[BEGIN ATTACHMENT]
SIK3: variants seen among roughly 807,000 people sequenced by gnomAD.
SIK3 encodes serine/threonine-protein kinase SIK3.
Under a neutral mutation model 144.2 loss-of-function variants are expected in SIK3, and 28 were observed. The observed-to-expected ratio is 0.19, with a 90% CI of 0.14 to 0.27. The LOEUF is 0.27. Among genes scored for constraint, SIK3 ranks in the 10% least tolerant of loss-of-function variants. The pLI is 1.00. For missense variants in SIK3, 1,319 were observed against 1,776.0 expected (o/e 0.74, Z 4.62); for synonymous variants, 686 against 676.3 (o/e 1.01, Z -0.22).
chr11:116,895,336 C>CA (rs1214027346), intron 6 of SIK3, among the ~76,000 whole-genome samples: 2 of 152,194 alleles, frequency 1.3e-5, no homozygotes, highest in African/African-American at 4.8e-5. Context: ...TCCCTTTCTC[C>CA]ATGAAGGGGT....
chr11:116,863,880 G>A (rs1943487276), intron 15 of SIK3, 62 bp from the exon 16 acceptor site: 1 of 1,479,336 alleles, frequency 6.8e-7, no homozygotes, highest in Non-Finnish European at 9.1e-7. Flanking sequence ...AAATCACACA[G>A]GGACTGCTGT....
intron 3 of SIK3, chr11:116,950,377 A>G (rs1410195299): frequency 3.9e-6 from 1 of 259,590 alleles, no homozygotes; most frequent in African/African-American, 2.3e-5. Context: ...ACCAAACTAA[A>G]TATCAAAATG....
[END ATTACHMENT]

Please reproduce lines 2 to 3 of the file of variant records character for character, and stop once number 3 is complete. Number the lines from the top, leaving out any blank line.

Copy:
SIK3 encodes serine/threonine-protein kinase SIK3.
Under a neutral mutation model 144.2 loss-of-function variants are expected in SIK3, and 28 were observed. The observed-to-expected ratio is 0.19, with a 90% CI of 0.14 to 0.27. The LOEUF is 0.27. Among genes scored for constraint, SIK3 ranks in the 10% least tolerant of loss-of-function variants. The pLI is 1.00. For missense variants in SIK3, 1,319 were observed against 1,776.0 expected (o/e 0.74, Z 4.62); for synonymous variants, 686 against 676.3 (o/e 1.01, Z -0.22).